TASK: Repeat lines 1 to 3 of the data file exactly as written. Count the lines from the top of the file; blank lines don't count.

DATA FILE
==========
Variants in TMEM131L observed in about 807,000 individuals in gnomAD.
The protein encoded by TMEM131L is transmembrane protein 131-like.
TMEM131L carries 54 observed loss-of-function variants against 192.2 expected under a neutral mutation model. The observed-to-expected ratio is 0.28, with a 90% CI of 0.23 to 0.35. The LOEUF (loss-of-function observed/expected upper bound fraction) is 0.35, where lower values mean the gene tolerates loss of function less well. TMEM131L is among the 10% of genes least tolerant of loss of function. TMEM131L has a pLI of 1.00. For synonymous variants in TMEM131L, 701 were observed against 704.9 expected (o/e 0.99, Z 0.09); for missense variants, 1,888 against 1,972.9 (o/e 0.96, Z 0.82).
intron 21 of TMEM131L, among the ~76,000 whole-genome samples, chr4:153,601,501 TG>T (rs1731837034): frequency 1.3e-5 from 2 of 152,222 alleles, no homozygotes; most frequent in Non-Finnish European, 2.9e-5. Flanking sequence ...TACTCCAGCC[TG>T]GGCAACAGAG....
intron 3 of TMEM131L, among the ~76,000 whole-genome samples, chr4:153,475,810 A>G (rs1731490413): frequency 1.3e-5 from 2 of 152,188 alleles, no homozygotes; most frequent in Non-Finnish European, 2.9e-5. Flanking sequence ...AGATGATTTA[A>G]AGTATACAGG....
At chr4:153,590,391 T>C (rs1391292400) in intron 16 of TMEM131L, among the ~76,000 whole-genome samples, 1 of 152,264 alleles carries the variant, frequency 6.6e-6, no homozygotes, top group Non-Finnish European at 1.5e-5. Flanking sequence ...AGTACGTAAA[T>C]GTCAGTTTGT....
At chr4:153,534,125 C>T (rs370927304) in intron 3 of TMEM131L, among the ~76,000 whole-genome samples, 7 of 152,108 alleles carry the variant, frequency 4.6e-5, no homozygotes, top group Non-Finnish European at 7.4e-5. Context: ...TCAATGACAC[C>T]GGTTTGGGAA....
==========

Variants in TMEM131L observed in about 807,000 individuals in gnomAD.
The protein encoded by TMEM131L is transmembrane protein 131-like.
TMEM131L carries 54 observed loss-of-function variants against 192.2 expected under a neutral mutation model. The observed-to-expected ratio is 0.28, with a 90% CI of 0.23 to 0.35. The LOEUF (loss-of-function observed/expected upper bound fraction) is 0.35, where lower values mean the gene tolerates loss of function less well. TMEM131L is among the 10% of genes least tolerant of loss of function. TMEM131L has a pLI of 1.00. For synonymous variants in TMEM131L, 701 were observed against 704.9 expected (o/e 0.99, Z 0.09); for missense variants, 1,888 against 1,972.9 (o/e 0.96, Z 0.82).